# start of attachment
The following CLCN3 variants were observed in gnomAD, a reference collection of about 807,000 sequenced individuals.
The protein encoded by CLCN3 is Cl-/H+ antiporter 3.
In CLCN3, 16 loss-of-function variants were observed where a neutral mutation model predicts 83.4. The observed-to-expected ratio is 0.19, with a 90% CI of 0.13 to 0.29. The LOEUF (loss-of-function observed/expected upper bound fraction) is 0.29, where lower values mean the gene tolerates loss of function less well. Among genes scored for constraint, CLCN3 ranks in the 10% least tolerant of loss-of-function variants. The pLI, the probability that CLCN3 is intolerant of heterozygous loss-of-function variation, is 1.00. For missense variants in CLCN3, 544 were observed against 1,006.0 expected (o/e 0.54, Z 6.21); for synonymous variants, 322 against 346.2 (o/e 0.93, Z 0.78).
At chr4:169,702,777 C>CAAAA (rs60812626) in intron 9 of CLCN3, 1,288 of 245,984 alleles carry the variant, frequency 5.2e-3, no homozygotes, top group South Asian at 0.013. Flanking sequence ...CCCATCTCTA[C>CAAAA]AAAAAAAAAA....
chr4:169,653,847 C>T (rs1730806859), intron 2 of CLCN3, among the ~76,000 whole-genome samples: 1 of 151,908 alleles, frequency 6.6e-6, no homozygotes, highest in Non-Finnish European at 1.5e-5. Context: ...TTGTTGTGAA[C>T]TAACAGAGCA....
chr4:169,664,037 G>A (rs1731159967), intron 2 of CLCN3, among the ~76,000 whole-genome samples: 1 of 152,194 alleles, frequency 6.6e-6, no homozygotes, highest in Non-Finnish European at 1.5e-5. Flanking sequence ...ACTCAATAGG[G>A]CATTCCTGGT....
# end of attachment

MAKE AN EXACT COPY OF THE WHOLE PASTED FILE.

The following CLCN3 variants were observed in gnomAD, a reference collection of about 807,000 sequenced individuals.
The protein encoded by CLCN3 is Cl-/H+ antiporter 3.
In CLCN3, 16 loss-of-function variants were observed where a neutral mutation model predicts 83.4. The observed-to-expected ratio is 0.19, with a 90% CI of 0.13 to 0.29. The LOEUF (loss-of-function observed/expected upper bound fraction) is 0.29, where lower values mean the gene tolerates loss of function less well. Among genes scored for constraint, CLCN3 ranks in the 10% least tolerant of loss-of-function variants. The pLI, the probability that CLCN3 is intolerant of heterozygous loss-of-function variation, is 1.00. For missense variants in CLCN3, 544 were observed against 1,006.0 expected (o/e 0.54, Z 6.21); for synonymous variants, 322 against 346.2 (o/e 0.93, Z 0.78).
At chr4:169,702,777 C>CAAAA (rs60812626) in intron 9 of CLCN3, 1,288 of 245,984 alleles carry the variant, frequency 5.2e-3, no homozygotes, top group South Asian at 0.013. Flanking sequence ...CCCATCTCTA[C>CAAAA]AAAAAAAAAA....
chr4:169,653,847 C>T (rs1730806859), intron 2 of CLCN3, among the ~76,000 whole-genome samples: 1 of 151,908 alleles, frequency 6.6e-6, no homozygotes, highest in Non-Finnish European at 1.5e-5. Context: ...TTGTTGTGAA[C>T]TAACAGAGCA....
chr4:169,664,037 G>A (rs1731159967), intron 2 of CLCN3, among the ~76,000 whole-genome samples: 1 of 152,194 alleles, frequency 6.6e-6, no homozygotes, highest in Non-Finnish European at 1.5e-5. Flanking sequence ...ACTCAATAGG[G>A]CATTCCTGGT....